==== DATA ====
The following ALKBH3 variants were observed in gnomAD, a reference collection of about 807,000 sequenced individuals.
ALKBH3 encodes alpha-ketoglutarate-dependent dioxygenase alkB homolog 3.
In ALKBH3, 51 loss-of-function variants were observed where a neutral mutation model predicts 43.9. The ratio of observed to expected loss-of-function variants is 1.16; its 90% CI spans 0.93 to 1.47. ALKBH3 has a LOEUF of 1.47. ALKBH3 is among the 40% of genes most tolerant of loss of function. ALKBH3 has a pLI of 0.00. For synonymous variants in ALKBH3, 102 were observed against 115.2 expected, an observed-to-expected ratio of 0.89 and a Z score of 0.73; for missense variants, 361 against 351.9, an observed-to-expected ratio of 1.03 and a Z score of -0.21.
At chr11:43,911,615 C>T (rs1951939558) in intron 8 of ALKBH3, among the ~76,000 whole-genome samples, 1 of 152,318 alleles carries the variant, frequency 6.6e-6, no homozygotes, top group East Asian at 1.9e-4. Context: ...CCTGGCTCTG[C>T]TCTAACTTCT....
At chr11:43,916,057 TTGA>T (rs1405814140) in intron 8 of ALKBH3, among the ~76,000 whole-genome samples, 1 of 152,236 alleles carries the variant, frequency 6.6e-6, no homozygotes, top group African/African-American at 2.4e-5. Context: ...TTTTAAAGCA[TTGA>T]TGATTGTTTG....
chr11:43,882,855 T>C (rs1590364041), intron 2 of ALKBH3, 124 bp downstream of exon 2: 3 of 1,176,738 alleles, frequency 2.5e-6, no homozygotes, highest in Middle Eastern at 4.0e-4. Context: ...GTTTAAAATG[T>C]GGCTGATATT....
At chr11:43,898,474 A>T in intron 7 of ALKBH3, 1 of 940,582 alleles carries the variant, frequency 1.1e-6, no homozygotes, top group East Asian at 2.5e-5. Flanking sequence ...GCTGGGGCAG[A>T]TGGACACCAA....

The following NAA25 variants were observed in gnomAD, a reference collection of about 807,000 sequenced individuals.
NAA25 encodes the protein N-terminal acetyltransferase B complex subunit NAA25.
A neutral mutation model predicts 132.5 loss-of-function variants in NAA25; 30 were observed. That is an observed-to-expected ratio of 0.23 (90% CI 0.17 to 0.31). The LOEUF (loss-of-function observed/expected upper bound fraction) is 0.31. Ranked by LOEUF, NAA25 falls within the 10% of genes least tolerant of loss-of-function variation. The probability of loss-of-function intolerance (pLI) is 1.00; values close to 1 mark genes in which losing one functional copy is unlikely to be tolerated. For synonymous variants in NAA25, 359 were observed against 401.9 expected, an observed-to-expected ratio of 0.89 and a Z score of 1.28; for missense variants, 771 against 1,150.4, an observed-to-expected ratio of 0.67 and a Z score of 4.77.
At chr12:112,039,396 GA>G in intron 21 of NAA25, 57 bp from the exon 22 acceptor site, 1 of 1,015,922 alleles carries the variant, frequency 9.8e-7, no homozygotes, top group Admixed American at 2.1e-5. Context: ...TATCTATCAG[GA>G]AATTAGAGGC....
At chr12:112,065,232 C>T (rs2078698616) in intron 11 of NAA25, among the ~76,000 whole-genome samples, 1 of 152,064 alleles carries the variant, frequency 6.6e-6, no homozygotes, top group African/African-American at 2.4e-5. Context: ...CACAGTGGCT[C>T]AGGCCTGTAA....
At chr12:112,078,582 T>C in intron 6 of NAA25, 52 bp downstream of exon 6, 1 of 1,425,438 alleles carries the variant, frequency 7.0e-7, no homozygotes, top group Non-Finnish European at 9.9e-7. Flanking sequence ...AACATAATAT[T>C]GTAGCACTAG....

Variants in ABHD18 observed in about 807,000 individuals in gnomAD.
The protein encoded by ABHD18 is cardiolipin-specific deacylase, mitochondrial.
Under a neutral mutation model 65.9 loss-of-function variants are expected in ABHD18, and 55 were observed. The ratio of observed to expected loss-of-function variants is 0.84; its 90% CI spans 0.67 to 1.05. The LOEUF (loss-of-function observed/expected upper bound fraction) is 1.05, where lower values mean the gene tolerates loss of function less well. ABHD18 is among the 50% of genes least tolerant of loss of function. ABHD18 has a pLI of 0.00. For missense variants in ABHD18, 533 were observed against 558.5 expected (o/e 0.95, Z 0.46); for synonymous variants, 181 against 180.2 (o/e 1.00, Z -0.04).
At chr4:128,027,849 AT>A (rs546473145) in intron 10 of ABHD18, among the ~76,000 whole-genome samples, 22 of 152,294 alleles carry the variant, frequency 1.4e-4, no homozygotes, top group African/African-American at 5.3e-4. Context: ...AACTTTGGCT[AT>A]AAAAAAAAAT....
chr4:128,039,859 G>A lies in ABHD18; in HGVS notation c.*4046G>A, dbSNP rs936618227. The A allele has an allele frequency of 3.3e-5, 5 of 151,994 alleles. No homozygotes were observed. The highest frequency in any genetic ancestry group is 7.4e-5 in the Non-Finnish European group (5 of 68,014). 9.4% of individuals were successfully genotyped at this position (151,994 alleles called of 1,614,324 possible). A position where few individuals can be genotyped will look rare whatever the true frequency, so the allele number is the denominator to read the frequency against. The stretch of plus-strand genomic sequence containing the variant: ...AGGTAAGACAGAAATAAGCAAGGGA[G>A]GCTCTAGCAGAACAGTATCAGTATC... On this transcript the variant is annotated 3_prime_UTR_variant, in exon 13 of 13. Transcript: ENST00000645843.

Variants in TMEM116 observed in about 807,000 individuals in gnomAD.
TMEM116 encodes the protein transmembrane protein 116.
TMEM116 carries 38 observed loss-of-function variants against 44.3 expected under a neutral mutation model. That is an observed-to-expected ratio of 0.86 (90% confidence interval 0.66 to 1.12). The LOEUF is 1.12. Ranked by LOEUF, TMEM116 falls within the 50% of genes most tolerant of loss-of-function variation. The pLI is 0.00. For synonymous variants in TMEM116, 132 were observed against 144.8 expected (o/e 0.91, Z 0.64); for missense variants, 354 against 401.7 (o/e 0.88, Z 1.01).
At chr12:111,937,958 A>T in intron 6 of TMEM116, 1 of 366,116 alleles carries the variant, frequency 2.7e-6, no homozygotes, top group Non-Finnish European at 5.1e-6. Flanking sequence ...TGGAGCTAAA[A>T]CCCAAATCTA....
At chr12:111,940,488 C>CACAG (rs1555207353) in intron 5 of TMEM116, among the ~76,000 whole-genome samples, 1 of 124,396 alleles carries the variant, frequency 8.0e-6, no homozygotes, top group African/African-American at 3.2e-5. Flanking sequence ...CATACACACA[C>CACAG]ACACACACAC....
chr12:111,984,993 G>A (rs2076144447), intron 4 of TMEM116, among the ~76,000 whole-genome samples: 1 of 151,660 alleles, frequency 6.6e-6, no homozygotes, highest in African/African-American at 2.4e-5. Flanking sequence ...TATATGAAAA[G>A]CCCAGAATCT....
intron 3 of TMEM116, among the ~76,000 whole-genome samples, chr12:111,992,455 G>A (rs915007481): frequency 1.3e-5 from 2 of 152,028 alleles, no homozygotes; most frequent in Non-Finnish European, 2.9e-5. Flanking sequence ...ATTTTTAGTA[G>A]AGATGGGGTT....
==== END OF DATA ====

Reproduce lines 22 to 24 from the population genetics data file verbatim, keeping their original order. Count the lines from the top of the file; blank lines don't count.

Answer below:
At chr12:111,937,958 A>T in intron 6 of TMEM116, 1 of 366,116 alleles carries the variant, frequency 2.7e-6, no homozygotes, top group Non-Finnish European at 5.1e-6. Flanking sequence ...TGGAGCTAAA[A>T]CCCAAATCTA....
At chr12:111,940,488 C>CACAG (rs1555207353) in intron 5 of TMEM116, among the ~76,000 whole-genome samples, 1 of 124,396 alleles carries the variant, frequency 8.0e-6, no homozygotes, top group African/African-American at 3.2e-5. Flanking sequence ...CATACACACA[C>CACAG]ACACACACAC....
chr12:111,984,993 G>A (rs2076144447), intron 4 of TMEM116, among the ~76,000 whole-genome samples: 1 of 151,660 alleles, frequency 6.6e-6, no homozygotes, highest in African/African-American at 2.4e-5. Flanking sequence ...TATATGAAAA[G>A]CCCAGAATCT....